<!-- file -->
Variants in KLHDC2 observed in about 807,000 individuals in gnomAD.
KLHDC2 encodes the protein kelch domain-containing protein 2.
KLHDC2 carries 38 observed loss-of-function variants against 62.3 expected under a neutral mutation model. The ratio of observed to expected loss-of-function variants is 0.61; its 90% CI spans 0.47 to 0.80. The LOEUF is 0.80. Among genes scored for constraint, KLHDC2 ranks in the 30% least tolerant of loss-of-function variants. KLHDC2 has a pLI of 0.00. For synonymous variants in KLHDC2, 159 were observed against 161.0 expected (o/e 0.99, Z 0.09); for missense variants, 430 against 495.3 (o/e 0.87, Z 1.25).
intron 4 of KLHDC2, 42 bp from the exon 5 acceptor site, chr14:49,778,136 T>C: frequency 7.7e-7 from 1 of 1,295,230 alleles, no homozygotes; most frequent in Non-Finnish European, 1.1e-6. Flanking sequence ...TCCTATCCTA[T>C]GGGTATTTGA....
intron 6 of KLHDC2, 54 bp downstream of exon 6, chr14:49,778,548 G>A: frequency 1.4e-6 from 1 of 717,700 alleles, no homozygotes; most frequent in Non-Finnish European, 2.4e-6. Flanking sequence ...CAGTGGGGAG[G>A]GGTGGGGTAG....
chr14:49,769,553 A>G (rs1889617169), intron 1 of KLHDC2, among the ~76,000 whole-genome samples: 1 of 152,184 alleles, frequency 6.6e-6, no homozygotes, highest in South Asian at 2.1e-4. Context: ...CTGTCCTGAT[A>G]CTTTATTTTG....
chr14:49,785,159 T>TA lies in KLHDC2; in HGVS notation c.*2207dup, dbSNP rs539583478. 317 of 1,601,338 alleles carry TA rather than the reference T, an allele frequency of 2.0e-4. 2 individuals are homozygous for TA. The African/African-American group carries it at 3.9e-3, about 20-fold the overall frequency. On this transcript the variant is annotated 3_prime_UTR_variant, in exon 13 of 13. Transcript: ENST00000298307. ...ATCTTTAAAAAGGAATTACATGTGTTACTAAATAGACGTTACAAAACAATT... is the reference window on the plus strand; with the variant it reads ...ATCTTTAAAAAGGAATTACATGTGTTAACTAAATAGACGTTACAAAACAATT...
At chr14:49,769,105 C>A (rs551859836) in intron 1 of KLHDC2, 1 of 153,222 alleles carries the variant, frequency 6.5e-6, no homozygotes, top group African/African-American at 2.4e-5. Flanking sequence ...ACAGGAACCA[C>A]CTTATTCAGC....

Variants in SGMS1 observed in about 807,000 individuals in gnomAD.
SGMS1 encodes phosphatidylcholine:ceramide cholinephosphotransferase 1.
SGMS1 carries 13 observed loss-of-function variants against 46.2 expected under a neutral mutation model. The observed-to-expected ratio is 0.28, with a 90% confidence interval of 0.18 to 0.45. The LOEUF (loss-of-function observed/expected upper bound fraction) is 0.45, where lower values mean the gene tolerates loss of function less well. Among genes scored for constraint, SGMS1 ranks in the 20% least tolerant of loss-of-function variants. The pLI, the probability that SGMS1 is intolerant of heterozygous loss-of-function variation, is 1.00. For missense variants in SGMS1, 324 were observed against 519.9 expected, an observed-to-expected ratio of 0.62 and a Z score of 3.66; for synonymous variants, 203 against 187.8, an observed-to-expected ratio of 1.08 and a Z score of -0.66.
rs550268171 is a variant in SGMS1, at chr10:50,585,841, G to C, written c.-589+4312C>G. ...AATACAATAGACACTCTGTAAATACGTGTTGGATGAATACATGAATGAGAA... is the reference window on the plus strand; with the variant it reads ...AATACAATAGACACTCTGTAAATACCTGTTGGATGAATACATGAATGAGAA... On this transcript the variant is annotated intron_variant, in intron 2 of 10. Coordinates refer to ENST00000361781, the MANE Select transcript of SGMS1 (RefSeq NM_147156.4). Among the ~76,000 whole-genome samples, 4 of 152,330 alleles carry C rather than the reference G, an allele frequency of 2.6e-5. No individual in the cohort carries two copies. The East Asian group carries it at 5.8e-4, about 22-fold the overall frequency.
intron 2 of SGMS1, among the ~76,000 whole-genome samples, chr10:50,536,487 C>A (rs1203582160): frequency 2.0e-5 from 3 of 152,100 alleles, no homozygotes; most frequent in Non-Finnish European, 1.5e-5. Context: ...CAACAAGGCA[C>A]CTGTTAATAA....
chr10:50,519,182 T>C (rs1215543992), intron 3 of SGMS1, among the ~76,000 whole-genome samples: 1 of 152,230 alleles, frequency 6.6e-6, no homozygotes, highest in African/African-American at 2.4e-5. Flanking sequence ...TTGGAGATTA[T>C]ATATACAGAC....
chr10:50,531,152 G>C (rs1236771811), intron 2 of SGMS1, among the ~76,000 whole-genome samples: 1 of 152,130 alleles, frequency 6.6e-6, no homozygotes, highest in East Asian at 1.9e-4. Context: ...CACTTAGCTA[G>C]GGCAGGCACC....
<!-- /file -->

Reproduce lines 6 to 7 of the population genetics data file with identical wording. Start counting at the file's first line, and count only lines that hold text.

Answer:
chr14:49,769,553 A>G (rs1889617169), intron 1 of KLHDC2, among the ~76,000 whole-genome samples: 1 of 152,184 alleles, frequency 6.6e-6, no homozygotes, highest in South Asian at 2.1e-4. Context: ...CTGTCCTGAT[A>G]CTTTATTTTG....
chr14:49,785,159 T>TA lies in KLHDC2; in HGVS notation c.*2207dup, dbSNP rs539583478. 317 of 1,601,338 alleles carry TA rather than the reference T, an allele frequency of 2.0e-4. 2 individuals are homozygous for TA. The African/African-American group carries it at 3.9e-3, about 20-fold the overall frequency. On this transcript the variant is annotated 3_prime_UTR_variant, in exon 13 of 13. Transcript: ENST00000298307. ...ATCTTTAAAAAGGAATTACATGTGTTACTAAATAGACGTTACAAAACAATT... is the reference window on the plus strand; with the variant it reads ...ATCTTTAAAAAGGAATTACATGTGTTAACTAAATAGACGTTACAAAACAATT...